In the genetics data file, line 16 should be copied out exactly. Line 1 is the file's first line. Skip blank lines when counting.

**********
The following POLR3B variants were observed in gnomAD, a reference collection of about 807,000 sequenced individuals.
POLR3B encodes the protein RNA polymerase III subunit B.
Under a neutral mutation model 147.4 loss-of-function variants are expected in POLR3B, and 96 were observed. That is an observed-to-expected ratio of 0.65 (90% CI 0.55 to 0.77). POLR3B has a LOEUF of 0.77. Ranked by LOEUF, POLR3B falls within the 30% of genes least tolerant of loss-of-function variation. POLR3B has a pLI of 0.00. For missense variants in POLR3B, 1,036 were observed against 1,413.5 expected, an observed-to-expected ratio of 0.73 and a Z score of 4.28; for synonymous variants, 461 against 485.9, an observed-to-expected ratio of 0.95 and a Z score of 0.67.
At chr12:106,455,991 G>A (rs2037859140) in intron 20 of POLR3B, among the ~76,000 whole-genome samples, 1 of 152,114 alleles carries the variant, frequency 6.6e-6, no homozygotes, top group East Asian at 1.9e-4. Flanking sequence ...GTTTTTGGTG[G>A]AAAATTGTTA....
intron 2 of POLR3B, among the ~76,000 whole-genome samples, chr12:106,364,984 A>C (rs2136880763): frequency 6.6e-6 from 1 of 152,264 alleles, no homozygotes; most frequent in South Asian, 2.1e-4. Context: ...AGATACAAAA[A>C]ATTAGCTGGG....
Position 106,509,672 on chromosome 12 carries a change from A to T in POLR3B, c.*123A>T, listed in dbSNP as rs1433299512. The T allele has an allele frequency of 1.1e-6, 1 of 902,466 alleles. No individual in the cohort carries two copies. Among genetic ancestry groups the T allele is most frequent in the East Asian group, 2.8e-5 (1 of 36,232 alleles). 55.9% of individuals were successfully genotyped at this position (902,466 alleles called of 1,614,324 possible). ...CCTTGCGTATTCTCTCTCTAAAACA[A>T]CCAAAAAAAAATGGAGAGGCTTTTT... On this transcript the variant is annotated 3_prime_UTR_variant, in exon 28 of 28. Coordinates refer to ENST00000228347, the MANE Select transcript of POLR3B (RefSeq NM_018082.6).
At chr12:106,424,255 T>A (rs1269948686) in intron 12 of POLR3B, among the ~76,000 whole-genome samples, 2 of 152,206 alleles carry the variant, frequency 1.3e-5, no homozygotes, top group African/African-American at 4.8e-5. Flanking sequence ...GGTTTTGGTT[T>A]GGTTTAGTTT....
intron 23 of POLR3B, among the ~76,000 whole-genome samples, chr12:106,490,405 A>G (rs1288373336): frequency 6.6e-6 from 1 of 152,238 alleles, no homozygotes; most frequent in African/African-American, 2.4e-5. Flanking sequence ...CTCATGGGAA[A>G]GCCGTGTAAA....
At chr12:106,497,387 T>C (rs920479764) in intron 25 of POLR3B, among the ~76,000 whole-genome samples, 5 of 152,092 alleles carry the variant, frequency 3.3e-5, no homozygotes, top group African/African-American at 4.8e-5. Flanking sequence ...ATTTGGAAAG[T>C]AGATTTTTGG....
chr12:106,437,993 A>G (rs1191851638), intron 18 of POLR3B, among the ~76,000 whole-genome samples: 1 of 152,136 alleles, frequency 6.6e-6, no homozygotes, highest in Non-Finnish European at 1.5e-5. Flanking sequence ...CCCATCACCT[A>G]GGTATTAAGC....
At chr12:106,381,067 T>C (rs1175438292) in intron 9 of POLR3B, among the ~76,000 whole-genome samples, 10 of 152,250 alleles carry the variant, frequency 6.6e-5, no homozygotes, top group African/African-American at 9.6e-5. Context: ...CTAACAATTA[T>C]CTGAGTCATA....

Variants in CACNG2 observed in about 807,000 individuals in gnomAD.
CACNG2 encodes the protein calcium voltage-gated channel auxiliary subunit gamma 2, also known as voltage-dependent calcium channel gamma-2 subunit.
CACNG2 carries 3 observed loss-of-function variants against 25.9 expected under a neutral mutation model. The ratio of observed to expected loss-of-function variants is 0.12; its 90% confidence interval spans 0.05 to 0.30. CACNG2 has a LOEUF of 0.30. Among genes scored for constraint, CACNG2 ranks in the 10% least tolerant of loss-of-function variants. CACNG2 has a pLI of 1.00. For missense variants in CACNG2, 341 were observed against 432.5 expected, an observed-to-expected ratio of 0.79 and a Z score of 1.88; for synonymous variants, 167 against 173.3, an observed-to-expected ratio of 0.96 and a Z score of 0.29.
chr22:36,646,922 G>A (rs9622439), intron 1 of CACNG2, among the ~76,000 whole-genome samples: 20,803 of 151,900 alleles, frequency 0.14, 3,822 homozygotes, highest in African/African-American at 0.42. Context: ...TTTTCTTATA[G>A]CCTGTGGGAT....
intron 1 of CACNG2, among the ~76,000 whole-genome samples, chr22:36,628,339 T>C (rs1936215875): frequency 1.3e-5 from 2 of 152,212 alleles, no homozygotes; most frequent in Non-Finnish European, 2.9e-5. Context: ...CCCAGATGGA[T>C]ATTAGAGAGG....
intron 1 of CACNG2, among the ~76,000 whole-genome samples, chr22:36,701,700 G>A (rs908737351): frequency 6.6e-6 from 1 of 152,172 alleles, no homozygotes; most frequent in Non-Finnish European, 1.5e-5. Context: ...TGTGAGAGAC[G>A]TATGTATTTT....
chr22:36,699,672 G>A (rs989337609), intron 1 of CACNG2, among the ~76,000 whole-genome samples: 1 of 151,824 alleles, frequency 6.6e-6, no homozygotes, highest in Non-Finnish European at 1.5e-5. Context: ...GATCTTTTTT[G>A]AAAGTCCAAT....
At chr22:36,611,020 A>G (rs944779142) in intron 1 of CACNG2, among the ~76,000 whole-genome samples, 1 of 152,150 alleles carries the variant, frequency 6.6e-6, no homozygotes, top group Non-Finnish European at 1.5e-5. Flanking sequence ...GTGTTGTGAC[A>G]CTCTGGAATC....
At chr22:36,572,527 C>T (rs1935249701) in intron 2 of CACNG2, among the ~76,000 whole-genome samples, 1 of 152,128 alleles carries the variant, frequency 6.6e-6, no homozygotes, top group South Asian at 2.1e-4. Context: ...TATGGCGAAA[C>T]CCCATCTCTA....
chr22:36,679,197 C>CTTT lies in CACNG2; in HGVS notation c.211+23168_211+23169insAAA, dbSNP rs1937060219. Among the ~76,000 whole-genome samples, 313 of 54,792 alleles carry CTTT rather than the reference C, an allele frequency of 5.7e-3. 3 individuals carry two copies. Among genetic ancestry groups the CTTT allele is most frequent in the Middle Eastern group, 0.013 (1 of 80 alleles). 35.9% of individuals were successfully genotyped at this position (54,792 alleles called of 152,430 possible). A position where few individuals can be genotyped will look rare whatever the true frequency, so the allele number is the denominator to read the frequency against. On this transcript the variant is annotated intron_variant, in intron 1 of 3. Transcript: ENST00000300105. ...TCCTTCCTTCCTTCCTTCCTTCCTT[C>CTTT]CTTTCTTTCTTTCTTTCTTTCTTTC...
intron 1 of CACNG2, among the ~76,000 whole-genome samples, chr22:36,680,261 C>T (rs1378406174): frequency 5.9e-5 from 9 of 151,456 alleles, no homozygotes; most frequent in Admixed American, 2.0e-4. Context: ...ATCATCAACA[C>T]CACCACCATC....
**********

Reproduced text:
intron 1 of CACNG2, among the ~76,000 whole-genome samples, chr22:36,628,339 T>C (rs1936215875): frequency 1.3e-5 from 2 of 152,212 alleles, no homozygotes; most frequent in Non-Finnish European, 2.9e-5. Context: ...CCCAGATGGA[T>C]ATTAGAGAGG....